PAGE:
After Going Dark, GMZ Energy Plots a Comeback on Waste Heat
GMZ Energy made a bet on solar energy and lost. Now, its fortunes lie in convincing industrial companies to put its power-producing devices into their products.
The Waltham, MA-based company traces its roots back to the labs of MIT and Boston College where researchers developed ways to improve the performance of thermoelectrics—materials that produce electricity when exposed to a source of heat. The company received three rounds of funding, totaling about $20 million over seven years.
With GMZ Energy’s Series C round in late 2011, the company had plans to use its thermoelectric modules with solar collectors. The idea was that solar tubes or panels that collect the sun’s heat would produce not only hot water but also electricity using GMZ’s technology.
But by late 2012, the company realized that it needed to shift gears, says CEO Cheryl Diuguid, who joined the company last year. The prices of solar electric panels dropped dramatically in the late 2000s thanks to a massive run-up in Chinese solar panel manufacturing, making solar thermal technology less competitive. It also made GMZ’s thermoelectric devices less compelling since they were designed for the relatively low-temperature heat of solar collectors.
“It was a brave decision because when the solar market turned around, they literally stopped that product,” says Diuguid. “Fortunately, the team had already moved down the path to high-temperature waste heat.”
The pivot required the company to choose a different class of thermoelectric materials, called half-Heusler, and target a different set of customers. By modifying the chemical composition of the material and using the founding technology, engineers have been able to improve the performance of the half-Heusler materials, Diuguid says. Earlier this year, the company also brought in a new vice president of development, Scott Rackey, who has experience in energy startups.
Most importantly, GMZ has released a product and, as of last week, a second device that boasts better power performance. Its modules look like a coin-size square plate and are sandwiched between a heat sink and a cold plate to produce electricity from heat.
The fact that GMZ can sell products to other companies for testing is significant because the field of thermoelectrics has been caught in academia for decades. What has been needed isn’t just technical improvements in converting heat to electricity, but also finding suitable applications.
Alphabet Energy, another thermoelectric startup which is based in Hayward, CA, spent years refining its product and choosing target customers. It ultimately decided to design a thermoelectric generator for heavy industries, such as mining and oil and gas. It, too, switched materials along the way. Alphabet released a complete generator based on its thermoelectric devices yesterday, its first product.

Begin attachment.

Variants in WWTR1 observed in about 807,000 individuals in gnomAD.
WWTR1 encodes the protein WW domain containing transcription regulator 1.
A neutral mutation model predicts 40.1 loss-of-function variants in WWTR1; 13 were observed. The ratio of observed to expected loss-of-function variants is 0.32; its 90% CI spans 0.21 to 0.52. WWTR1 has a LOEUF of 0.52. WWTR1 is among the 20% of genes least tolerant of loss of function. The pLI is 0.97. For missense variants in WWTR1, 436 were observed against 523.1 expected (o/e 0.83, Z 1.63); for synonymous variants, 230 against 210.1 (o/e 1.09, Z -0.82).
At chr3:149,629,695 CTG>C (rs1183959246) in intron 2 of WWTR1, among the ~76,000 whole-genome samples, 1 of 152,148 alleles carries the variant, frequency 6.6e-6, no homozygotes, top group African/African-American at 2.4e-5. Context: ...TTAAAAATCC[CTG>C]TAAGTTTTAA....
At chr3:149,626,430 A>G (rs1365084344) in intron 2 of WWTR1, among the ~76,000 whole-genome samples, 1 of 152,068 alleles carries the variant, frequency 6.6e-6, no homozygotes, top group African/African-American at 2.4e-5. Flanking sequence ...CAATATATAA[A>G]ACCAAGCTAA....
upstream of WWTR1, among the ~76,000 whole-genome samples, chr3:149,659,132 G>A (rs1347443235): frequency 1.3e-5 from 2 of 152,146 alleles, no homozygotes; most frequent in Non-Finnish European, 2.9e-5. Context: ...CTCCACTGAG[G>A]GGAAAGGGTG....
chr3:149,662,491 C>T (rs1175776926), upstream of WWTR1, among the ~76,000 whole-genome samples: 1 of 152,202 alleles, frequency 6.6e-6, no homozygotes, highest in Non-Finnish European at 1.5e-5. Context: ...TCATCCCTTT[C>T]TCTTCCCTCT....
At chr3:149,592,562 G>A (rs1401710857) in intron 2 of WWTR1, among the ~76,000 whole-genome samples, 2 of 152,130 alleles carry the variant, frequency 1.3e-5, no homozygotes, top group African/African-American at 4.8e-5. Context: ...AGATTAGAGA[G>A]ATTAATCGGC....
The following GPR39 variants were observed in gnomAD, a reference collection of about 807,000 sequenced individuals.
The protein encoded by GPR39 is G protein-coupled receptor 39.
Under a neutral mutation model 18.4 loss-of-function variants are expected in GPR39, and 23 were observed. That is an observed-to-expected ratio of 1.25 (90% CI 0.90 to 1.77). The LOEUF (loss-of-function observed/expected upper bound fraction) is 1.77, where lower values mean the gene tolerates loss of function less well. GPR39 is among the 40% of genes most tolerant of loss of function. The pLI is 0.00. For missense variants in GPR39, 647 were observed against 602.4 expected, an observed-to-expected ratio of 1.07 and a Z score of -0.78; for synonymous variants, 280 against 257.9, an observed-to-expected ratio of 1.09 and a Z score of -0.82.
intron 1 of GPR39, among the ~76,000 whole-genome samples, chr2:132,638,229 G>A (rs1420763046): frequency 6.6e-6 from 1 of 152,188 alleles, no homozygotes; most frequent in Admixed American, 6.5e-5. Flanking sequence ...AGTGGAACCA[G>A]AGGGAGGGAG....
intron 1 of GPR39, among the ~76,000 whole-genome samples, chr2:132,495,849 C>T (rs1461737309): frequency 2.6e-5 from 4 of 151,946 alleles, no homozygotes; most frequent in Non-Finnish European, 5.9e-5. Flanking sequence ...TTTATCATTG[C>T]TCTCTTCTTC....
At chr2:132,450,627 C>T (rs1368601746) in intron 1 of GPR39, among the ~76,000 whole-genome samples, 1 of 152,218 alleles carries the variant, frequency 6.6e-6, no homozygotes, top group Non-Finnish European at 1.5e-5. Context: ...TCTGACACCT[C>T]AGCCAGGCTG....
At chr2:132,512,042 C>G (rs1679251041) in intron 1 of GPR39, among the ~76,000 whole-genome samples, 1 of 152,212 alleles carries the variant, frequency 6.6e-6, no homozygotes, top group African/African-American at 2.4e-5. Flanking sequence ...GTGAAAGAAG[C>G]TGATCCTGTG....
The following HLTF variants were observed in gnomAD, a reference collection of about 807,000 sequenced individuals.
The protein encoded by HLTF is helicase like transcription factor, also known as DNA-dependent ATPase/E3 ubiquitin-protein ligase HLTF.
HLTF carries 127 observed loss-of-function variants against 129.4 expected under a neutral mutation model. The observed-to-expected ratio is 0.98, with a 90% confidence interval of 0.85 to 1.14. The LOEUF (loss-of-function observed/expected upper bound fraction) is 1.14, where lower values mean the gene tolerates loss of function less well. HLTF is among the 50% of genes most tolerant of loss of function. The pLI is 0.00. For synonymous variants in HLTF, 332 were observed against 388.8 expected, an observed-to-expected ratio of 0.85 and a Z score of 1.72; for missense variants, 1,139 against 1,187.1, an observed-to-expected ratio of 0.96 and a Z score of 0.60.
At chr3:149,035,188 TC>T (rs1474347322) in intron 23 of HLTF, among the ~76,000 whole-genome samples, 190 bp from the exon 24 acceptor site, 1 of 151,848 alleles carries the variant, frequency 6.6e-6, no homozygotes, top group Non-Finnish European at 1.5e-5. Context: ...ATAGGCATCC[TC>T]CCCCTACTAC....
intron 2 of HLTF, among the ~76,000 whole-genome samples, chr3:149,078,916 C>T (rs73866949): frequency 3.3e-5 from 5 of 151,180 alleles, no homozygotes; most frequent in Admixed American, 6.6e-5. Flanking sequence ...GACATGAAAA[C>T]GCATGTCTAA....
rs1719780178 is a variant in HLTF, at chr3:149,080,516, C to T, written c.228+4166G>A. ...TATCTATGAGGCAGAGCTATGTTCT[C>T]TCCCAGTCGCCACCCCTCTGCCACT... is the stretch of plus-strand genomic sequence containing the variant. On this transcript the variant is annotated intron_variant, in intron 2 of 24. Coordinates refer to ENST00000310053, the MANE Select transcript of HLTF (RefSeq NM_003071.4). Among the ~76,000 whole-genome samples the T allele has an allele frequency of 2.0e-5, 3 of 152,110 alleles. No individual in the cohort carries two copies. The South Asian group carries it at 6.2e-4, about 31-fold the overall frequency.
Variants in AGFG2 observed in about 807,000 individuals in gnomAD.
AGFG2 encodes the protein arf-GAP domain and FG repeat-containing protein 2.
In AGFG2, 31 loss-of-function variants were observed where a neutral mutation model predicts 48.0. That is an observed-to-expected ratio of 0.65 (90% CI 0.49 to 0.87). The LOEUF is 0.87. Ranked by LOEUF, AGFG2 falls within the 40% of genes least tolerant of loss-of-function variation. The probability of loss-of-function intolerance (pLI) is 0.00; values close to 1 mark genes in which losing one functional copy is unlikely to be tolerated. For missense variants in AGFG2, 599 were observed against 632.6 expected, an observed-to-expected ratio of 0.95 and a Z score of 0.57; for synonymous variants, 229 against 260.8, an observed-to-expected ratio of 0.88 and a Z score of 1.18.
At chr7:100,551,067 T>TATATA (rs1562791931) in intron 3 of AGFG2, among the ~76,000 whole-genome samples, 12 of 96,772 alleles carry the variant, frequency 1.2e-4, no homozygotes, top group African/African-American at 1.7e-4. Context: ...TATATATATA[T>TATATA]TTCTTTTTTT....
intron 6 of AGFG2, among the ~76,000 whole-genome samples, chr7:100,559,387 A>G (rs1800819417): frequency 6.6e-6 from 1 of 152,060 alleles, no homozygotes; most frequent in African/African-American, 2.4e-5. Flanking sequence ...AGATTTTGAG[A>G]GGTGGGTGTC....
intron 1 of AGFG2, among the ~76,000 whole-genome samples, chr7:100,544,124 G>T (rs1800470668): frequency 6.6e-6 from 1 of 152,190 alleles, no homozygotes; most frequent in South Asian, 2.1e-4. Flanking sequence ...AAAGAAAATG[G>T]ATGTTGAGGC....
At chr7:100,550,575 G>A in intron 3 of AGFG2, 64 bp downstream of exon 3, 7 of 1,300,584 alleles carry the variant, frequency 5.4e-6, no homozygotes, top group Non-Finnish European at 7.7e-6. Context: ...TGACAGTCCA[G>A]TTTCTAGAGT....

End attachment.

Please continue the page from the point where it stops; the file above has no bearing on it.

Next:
GMZ Energy’s product works best at temperatures between about 400 degrees and 600 degrees Celsius, which makes it well suited for converting the waste heat from boilers, diesel generators, industrial machines, and vehicles. A Department of Energy grant is paying for GMZ’s modules to be tested with Honda, which, like other automakers, has been studying thermolectrics for years. The goal with the Honda research grant is to generate about 200 watts from the car’s exhaust system to offset the power generated by the alternator at a cost of about $1 per watt, says Diuguid.
The auto industry needs new technologies to meet fuel efficiency mandates, but it tends to move slowly—the best-case scenario for GMZ Energy is to get its modules tested in cars by 2018 or 2019. But the company has joint development agreements with companies in other industries that could lead to commercial sales in late 2015 or early 2016, Diuguid says.
“We are out of the lab,” she says. “We’re not doing some funky little bench-top lab test. We’re putting our products in simulations of actual products or the actual product itself.”
To get closer to commercialization, GMZ Energy will need to raise additional funds from “strategic” investors, which could use their technology, as well as venture capitalists, says Diuguid. Current investors include Japan-based Mitsui Ventures, I2BF Global Ventures, BP Alternative Energy, and a joint venture of General Electric, NRG Energy, and ConocoPhillips. Kleiner Perkins Caufield & Byers was a seed investor.
In theory, there’s lots of potential in thermoelectric devices since they have no moving parts and turn a waste product—heat—into something valuable. In cars, for instance, it’s estimated that more than half of their energy in their fuel is lost to heat. But no company has been able to turn that promise into a commercial product with wide appeal (thermolectrics are already used in some niche applications, such as portable coolers.)
For GMZ Energy, which has survived despite at least one major miscalculation, the question is whether it can demonstrate what no one else has: a thermoelectric product that generates not just a flow of electricity, but rapid revenue growth as well.